A new survey of Rochester Beacon readers found strong support for policies to address climate change.
The survey was conducted in advance of Wednesday’s alternative fuels online event presented by the Beacon. Though the poll’s methodology was not scientific, and the 133 respondents cannot be considered representative of the Rochester metro population or even of the Beacon’s readership, the opinions expressed are roughly consistent with more robust national polls of popular sentiment.
A sense of urgency
An about-face on climate is one of the clearest changes arising from Joe Biden’s win over Donald Trump in November’s presidential election. This is reflected in the Beacon’s poll and in response to a similar question posed by Pew Research Center in 2019. Only 12 percent of Beacon respondents want the Biden administration to slow the pace of climate policy change. The rest split evenly between supporting the current—and newly accelerated—policy push and those who find even Biden’s plan to be too conservative.
The Pew Research Center, polling in October 2019, found two-thirds of respondents supporting a more ambitious federal policy.
Willing to ‘pay for lunch’?
Policies supporting a shift to alternative fuels are not costless—economists’ “no free lunch” mantra applies. Beacon respondents expressed some willingness to accept these costs, however.
Although some are inspired by the majesty of a massive wind farm, the visual impact is arresting and can detract from the natural landscape. The prospect of wind turbines on the horizon of lakes Ontario and Erie didn’t pose a problem for the majority of Beacon survey respondents, however. Support for offshore wind turbines was expressed by 83 percent of respondents with only 16 percent opposed.
Yale University’s Program on Climate Change Communication has mapped the results of climate opinion polling at different levels of geography, ranging from county to congressional district to metro to state. These maps show broad endorsement of tax-funded incentives for private actions supporting the climate action. Rebates for alternative-fuel vehicles or solar panels captured support from 82 percent overall with significant support in every county in the nation. Similarly, 86 percent of the nation supports alternative fuels research.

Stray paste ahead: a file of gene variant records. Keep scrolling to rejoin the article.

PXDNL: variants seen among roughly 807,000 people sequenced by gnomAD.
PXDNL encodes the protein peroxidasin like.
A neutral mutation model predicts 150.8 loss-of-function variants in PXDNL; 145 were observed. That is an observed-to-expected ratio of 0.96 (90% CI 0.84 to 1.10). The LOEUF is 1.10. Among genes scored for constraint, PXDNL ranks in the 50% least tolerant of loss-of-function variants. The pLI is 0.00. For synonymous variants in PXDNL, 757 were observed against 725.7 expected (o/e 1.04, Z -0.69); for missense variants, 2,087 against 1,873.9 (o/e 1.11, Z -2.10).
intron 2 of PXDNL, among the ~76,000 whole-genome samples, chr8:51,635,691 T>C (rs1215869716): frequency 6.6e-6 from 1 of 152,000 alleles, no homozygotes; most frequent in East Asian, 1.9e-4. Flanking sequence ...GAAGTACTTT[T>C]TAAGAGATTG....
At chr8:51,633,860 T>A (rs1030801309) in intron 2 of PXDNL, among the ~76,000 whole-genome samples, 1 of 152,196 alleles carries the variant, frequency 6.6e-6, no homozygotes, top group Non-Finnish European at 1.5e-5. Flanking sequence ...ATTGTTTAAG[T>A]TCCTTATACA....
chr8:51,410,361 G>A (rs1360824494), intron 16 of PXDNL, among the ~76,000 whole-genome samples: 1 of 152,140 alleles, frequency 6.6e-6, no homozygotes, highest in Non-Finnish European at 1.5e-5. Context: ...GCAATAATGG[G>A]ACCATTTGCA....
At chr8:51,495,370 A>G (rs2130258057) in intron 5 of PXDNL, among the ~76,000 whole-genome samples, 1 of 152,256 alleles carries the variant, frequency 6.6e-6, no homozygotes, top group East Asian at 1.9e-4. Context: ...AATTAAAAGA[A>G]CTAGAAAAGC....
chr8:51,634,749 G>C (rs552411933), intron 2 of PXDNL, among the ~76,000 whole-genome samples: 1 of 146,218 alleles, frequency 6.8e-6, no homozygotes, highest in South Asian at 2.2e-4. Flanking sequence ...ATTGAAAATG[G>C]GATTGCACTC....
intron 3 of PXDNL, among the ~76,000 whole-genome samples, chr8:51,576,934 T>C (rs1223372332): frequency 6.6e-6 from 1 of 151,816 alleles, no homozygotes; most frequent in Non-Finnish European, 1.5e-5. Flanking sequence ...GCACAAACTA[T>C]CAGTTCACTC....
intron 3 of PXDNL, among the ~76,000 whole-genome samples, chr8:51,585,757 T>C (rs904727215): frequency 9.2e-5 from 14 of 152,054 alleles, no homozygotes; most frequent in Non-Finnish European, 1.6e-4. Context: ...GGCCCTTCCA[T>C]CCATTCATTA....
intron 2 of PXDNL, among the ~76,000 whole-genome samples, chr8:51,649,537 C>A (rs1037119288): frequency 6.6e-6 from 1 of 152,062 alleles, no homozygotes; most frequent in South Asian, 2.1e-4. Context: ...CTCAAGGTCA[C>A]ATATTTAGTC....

Many survey respondents and participants in the Wednesday’s alternative energy forum expressed support for the elimination of fossil fuels subsidies.
Yale’s climate opinion mapping project found the nearly identical result, although the question was worded differently, placing the tax obligation firmly on fossil fuel companies and explicitly endorsing a corresponding reduction in other taxes. The county map (below) shows support for a carbon tax over 50 percent for all but a handful of counties. At the state level, support ranges from a low of 55 percent in Wyoming and North Dakota to a high of 76 percent in New York and 75 percent in Maryland and New Jersey.
Despite strong support expressed for the Biden administration’s newly assertive climate action plan, there’s a limit to how much Beacon poll respondents wish to pay personally for progress on the climate front. Three-fifths are unwilling to pay extra for alternative fuels and 33 percent are willing to pay no more than 15 percent more.
The 44 percent of respondents who expressed a belief that Biden policy “should be more aggressive” are more willing to pay extra—but not that much. More than half of this more committed group would still draw the line at paying more than 15 percent extra for alternative fuels, although a fifth of this group would pay a premium of 25 percent or more.
It is tempting to suggest that support for climate policy will remain strong only as long as the effects of policy on individual pocketbooks is hidden. New York voters have elected a state leadership that supports wind, solar and other climate policies through charges to utilities—the offshore renewable energy credits that make offshore wind possible, for example, are directly funded by the New York State Energy Research and Development Authority, whose budget comes from utilities. The utilities pass these costs on to ratepayers, of course.
Elected officials may know their constituents better than they know themselves—the apparent popularity of a carbon tax might evaporate were it to directly increase the price of gasoline by 50 cents a gallon. Taxing “fossil fuel” companies (which would increase the price at the pump) or assessing utilities for alternative energy purchases (which would increase the price of heat and power in our homes) can improve the prospects for the climate while limiting a negative reaction at the ballot box. In politics, ignorance is bliss.
Kent Gardner is Rochester Beacon opinion editor.